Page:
“Merit,” in the legal sense, can almost be equated with “credibility” or “accuracy.” It can be technically defined as “the substantive elements…[or] validity of a claim or defense.” USLegal describes a case that has merit as “setting forth sufficient facts from which the court could find a valid claim of deprivation of a legal right.” A claim has merit if it has substance; it must be both plausible and based in legality.
An independent investigation of the available facts immediately reveals it as being without merit.
In an effort to reduce the number of frivolous malpractice suits, Grant decrees that anyone seeking to bring a claim against a medical professional must first establish that their case has merit by presenting the evidence before a panel, a medical professional, and/or a personal injury attorney.
Other Important Information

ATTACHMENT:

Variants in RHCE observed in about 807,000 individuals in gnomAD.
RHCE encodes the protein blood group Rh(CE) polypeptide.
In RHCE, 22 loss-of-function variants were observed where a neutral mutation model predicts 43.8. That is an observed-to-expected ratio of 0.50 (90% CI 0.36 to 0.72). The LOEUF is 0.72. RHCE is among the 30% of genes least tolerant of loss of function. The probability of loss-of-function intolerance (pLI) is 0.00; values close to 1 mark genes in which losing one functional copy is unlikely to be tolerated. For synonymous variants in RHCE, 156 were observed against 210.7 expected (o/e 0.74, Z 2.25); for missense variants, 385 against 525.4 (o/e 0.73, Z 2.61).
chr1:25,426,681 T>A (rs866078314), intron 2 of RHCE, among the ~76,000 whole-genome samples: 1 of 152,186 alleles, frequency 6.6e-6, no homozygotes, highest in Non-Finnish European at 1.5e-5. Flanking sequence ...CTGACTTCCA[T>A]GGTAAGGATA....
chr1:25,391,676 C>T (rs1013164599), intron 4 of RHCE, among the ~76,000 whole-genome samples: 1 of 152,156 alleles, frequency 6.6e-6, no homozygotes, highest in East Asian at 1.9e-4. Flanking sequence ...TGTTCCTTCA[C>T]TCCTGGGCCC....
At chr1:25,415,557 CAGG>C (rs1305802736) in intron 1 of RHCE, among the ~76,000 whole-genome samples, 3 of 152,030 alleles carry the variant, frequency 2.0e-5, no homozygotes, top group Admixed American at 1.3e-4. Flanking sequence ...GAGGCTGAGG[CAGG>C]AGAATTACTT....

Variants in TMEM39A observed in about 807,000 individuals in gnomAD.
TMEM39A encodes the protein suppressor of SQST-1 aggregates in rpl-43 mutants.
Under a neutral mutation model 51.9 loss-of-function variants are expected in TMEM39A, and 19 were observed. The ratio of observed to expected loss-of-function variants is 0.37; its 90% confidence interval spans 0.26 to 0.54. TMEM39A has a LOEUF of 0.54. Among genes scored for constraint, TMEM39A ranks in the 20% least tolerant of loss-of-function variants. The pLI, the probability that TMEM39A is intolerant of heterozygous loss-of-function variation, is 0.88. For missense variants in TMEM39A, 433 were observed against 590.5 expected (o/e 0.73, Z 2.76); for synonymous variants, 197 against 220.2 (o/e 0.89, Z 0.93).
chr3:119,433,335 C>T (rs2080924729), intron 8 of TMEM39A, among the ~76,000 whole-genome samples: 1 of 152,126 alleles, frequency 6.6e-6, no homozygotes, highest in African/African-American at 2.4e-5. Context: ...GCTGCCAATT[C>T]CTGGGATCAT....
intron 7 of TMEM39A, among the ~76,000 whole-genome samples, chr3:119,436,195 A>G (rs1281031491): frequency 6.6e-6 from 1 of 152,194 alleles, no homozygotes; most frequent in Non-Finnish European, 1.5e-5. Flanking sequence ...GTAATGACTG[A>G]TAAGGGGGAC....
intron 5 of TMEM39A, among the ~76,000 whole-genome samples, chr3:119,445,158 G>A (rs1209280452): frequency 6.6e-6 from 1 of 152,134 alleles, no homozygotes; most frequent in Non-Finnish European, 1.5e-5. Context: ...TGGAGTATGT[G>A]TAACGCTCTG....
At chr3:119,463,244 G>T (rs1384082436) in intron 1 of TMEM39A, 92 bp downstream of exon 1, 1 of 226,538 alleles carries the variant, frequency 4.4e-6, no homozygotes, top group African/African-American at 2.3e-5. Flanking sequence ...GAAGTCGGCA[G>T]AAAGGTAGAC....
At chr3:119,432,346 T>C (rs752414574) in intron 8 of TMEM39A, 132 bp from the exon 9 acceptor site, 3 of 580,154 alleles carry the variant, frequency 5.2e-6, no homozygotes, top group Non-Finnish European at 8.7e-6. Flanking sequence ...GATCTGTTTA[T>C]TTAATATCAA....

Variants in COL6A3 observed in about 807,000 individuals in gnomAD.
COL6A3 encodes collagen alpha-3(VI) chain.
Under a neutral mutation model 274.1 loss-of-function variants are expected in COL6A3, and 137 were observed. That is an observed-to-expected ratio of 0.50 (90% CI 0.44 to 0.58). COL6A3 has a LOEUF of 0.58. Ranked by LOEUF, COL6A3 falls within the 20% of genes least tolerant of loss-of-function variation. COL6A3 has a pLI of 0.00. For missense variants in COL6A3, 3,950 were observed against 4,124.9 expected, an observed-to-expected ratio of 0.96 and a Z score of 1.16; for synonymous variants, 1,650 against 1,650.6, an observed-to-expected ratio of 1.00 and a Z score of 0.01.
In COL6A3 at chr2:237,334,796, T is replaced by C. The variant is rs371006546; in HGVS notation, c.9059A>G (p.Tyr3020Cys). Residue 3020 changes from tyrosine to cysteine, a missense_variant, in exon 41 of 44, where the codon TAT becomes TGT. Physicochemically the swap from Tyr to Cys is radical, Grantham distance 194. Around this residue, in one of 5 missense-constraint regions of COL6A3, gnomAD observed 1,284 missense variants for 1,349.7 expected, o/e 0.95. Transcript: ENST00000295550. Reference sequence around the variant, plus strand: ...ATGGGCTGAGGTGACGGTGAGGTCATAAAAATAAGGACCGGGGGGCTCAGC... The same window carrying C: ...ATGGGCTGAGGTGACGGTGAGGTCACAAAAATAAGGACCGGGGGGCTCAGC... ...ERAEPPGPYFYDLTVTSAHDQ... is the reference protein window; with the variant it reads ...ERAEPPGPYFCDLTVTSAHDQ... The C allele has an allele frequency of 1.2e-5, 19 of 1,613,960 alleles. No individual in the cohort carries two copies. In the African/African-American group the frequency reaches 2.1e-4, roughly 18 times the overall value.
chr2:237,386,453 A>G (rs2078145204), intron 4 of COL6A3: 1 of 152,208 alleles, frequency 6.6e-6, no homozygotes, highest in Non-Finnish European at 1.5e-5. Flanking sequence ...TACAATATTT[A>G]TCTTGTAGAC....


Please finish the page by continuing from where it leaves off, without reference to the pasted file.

The merits of a case may be weighed privately in early neutral evaluations. In certain cases, insufficient evidence for conviction does not indicate that the case is without merit. When proceeding with a medical malpractice claim, the claimant is required to submit an affidavit of merit proving that they have reviewed their case with a health care provider and they have determined that there is reasonable cause to believe that the claimant is a victim of malpractice. The affidavit must affirm that the prospective defendant acted negligently, that this negligence was a proximate cause of the claimant’s injury, and the reasons for coming to those conclusions. Alternately, the provider might present evidence of a finding of merit to a panel appointed in accordance with the Utah Governmental Immunity Act. That a claim has been found as without merit does not preclude an order to arbitration. “In civil actions, the court [may] award reasonable attorney fees to a prevailing party if the court determines that the action or defense to the action was without merit and was not brought or asserted in good faith.”